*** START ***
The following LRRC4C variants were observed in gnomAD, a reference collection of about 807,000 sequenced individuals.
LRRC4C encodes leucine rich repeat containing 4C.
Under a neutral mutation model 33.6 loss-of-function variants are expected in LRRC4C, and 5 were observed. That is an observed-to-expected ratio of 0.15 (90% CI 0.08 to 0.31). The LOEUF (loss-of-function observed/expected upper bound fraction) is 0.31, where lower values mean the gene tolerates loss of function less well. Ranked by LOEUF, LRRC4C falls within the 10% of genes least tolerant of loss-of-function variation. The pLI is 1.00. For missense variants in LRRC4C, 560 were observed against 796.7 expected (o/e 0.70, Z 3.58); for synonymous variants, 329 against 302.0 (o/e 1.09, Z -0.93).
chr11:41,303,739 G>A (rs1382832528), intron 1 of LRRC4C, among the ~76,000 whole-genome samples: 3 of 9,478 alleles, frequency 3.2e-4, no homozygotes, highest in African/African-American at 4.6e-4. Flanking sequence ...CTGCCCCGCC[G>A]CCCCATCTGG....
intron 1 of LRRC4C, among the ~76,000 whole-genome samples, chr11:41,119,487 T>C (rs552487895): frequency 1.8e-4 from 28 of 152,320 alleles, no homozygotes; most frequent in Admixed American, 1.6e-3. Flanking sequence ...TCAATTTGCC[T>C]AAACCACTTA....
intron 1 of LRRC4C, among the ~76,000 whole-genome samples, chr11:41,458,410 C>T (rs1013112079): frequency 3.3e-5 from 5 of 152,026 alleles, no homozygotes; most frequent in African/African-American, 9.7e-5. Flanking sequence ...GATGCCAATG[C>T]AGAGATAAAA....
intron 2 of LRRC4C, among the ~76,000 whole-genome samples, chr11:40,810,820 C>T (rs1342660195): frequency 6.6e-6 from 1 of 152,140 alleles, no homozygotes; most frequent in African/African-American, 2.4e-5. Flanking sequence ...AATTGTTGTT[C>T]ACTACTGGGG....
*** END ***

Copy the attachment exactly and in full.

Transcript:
The following LRRC4C variants were observed in gnomAD, a reference collection of about 807,000 sequenced individuals.
LRRC4C encodes leucine rich repeat containing 4C.
Under a neutral mutation model 33.6 loss-of-function variants are expected in LRRC4C, and 5 were observed. That is an observed-to-expected ratio of 0.15 (90% CI 0.08 to 0.31). The LOEUF (loss-of-function observed/expected upper bound fraction) is 0.31, where lower values mean the gene tolerates loss of function less well. Ranked by LOEUF, LRRC4C falls within the 10% of genes least tolerant of loss-of-function variation. The pLI is 1.00. For missense variants in LRRC4C, 560 were observed against 796.7 expected (o/e 0.70, Z 3.58); for synonymous variants, 329 against 302.0 (o/e 1.09, Z -0.93).
chr11:41,303,739 G>A (rs1382832528), intron 1 of LRRC4C, among the ~76,000 whole-genome samples: 3 of 9,478 alleles, frequency 3.2e-4, no homozygotes, highest in African/African-American at 4.6e-4. Flanking sequence ...CTGCCCCGCC[G>A]CCCCATCTGG....
intron 1 of LRRC4C, among the ~76,000 whole-genome samples, chr11:41,119,487 T>C (rs552487895): frequency 1.8e-4 from 28 of 152,320 alleles, no homozygotes; most frequent in Admixed American, 1.6e-3. Flanking sequence ...TCAATTTGCC[T>C]AAACCACTTA....
intron 1 of LRRC4C, among the ~76,000 whole-genome samples, chr11:41,458,410 C>T (rs1013112079): frequency 3.3e-5 from 5 of 152,026 alleles, no homozygotes; most frequent in African/African-American, 9.7e-5. Flanking sequence ...GATGCCAATG[C>T]AGAGATAAAA....
intron 2 of LRRC4C, among the ~76,000 whole-genome samples, chr11:40,810,820 C>T (rs1342660195): frequency 6.6e-6 from 1 of 152,140 alleles, no homozygotes; most frequent in African/African-American, 2.4e-5. Flanking sequence ...AATTGTTGTT[C>T]ACTACTGGGG....